The periaqueductal gray (PAG): not just a simple node in descending pain modulation   March 19th, 2016

The role of the periaqueductal gray (PAG) has been described in many studies regarding pain processing. This structure, located in the midbrain around the cerebral aqueduct, is mainly known as a key region in descending pain modulation. However, the PAG is related to a wide spectrum of functions, such as pain, analgesia, fear, anxiety, and cardiovascular functions. Furthermore, the PAG has been a target in chronic pain research, whereas specific brain abnormalities in the PAG were found [Mainero et al. 2011; Desouza et al. 2013]. PAG functional connectivity has also been shown adaptive to treatment in chronic pain patients [Erpelding et al. 2014].

In addition to the multiple functions of the PAG, a new study of Coulombe et al. (2016) showed that functional connectivity of sub-regions of the PAG have different roles in pain and pain coping, yet showed also differences between men and women. In a resting-state fMRI experiment, Coulombe and colleagues found that the ventrolateral part of the PAG was connected to brain regions associated with descending pain modulation, whereas the lateral and dorsolateral PAG were connected to brain regions implicated in executive functioning. In addition, they found different functional connections of the PAG to brain regions involved in pain, salience, and analgesia in men and women.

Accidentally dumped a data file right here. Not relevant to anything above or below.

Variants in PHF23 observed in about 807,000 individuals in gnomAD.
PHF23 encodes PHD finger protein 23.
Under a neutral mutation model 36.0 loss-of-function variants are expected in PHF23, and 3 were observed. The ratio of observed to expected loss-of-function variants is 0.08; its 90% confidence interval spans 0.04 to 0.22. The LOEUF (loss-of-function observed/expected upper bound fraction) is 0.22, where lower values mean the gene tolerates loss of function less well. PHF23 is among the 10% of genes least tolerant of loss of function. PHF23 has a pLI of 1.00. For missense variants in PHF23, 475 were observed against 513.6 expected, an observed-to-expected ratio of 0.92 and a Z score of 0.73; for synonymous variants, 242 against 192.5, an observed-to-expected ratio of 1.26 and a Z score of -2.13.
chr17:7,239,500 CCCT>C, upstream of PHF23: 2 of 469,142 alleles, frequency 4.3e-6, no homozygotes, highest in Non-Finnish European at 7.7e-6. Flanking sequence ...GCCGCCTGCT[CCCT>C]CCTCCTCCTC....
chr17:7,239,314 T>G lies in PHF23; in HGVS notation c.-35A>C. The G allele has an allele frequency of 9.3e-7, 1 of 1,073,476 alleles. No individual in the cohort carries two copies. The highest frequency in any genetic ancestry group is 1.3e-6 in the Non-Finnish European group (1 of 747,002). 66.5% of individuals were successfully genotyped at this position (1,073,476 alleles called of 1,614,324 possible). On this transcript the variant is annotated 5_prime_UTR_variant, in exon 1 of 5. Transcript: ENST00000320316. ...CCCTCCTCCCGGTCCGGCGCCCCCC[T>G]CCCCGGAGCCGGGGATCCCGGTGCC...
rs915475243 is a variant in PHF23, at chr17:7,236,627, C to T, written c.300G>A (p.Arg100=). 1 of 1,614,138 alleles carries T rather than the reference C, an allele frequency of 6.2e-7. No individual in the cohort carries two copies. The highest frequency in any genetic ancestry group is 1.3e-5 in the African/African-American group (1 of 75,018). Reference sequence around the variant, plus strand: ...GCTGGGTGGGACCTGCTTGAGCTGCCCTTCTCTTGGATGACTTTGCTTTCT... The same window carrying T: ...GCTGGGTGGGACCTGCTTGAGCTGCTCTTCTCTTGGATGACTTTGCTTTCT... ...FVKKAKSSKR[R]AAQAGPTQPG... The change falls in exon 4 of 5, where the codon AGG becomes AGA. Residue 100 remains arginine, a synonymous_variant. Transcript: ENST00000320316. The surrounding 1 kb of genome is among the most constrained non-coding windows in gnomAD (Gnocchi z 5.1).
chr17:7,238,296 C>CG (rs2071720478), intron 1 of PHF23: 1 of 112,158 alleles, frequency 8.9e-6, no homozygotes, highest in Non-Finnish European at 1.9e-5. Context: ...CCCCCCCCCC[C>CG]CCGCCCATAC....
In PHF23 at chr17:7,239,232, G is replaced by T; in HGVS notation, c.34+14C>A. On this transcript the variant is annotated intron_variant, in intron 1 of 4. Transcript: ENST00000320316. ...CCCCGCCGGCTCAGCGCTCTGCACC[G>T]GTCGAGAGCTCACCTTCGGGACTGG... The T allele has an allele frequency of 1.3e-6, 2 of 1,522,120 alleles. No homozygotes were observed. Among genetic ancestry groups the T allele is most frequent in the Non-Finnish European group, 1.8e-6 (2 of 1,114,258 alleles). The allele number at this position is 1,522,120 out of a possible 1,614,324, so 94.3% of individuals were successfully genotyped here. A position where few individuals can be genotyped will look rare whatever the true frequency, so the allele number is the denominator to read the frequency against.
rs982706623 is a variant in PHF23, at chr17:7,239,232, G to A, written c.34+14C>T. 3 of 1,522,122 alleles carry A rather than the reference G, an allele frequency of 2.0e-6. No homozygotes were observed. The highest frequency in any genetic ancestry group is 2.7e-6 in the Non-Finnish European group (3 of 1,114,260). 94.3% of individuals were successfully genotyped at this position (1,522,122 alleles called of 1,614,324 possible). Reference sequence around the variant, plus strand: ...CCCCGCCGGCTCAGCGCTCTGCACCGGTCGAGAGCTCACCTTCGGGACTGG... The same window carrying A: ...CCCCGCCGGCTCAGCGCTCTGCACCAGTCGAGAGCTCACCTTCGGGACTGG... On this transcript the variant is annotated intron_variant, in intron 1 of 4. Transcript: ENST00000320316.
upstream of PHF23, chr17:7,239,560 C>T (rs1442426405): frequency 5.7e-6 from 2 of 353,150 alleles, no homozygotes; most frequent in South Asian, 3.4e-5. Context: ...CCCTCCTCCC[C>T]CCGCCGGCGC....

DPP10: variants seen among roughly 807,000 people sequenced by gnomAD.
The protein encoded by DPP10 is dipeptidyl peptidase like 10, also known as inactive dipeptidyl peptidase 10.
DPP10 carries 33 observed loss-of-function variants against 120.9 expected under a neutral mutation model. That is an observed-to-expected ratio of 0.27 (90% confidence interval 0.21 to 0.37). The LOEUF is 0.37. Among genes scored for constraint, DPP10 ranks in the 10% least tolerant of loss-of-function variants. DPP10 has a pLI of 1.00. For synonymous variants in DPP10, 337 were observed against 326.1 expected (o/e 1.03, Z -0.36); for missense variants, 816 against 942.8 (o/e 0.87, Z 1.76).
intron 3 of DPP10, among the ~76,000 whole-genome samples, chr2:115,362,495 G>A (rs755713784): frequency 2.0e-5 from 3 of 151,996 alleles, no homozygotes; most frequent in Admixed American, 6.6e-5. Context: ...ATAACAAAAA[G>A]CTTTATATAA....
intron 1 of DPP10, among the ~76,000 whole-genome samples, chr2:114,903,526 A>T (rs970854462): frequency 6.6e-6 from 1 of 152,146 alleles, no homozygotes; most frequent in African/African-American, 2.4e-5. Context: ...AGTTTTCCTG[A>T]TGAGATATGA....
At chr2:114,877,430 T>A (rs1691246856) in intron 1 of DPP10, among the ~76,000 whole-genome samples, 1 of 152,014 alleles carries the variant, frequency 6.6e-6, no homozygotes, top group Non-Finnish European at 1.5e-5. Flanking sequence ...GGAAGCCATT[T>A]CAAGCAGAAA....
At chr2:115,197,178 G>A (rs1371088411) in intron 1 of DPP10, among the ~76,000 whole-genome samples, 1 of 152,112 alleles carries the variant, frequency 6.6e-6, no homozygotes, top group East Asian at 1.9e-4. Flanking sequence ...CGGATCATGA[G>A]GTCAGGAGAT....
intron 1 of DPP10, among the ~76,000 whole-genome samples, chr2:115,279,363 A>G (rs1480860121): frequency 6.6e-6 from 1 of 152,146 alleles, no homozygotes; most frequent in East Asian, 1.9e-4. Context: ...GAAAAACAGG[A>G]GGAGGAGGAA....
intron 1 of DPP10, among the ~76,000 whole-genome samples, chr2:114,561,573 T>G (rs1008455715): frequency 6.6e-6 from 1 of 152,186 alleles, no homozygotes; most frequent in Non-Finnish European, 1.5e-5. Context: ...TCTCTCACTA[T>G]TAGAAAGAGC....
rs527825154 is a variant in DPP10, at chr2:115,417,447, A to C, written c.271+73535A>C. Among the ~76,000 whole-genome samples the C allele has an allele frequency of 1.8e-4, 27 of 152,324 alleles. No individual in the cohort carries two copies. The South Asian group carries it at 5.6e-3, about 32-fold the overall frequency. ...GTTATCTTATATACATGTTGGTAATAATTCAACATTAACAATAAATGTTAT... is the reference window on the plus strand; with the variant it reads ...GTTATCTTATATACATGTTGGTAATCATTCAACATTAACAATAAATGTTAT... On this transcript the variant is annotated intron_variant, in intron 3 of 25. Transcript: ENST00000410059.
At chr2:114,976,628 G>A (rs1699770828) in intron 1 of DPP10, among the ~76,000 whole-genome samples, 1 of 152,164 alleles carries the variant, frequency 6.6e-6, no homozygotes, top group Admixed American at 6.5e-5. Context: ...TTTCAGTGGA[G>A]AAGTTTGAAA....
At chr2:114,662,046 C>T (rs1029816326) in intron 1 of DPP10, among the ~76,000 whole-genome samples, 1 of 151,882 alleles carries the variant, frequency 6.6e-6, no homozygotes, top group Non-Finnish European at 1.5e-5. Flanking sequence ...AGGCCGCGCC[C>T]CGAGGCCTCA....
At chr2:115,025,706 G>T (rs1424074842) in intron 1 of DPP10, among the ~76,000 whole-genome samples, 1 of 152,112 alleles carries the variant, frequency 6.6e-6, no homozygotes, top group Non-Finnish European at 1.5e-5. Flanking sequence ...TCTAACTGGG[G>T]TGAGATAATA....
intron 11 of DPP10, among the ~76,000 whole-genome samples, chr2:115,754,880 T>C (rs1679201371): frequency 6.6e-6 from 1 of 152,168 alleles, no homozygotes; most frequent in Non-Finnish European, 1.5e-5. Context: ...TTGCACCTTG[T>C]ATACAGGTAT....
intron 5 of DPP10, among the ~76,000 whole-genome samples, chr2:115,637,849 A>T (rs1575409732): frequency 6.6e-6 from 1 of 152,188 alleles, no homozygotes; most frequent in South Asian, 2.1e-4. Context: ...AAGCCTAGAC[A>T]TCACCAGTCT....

To conclude, specific sub-regions of the PAG are involved in descending pain modulation and executive functioning, while there is also a gender difference in functional connectivity from the PAG to other brain regions. These findings may play a role in expanding our knowledge of the underlying pathology of chronic pain and corresponding coping mechanisms.

Jeroen Kregel

2016  Pain in Motion

References and further reading:

Mainero C, Boshyan J, Hadjikhani N. Altered functional magnetic resonance imaging resting-state connectivity in periaqueductal gray networks in migraine. Ann Neurol. 2011 Nov;70(5):838-45. doi: 10.1002/ana.22537.

Desouza DD, Moayedi M, Chen DQ, Davis KD, Hodaie M. Sensorimotor and Pain Modulation Brain Abnormalities in Trigeminal Neuralgia: A Paroxysmal, Sensory-Triggered Neuropathic Pain. PLoS One. 2013 Jun 18;8(6):e66340. Print 2013.

Erpelding N, Simons L, Lebel A, Serrano P, Pielech M, Prabhu S, Becerra L, Borsook D. Rapid treatment-induced brain changes in pediatric CRPS. Brain Struct Funct. 2016 Mar;221(2):1095-111. doi: 10.1007/s00429-014-0957-8.

Coulombe MA, Erpelding N, Kucyi A, Davis KD. Intrinsic functional connectivity of periaqueductal gray subregions in humans. Hum Brain Mapp. 2016 Apr;37(4):1514-30. doi: 10.1002/hbm.23117.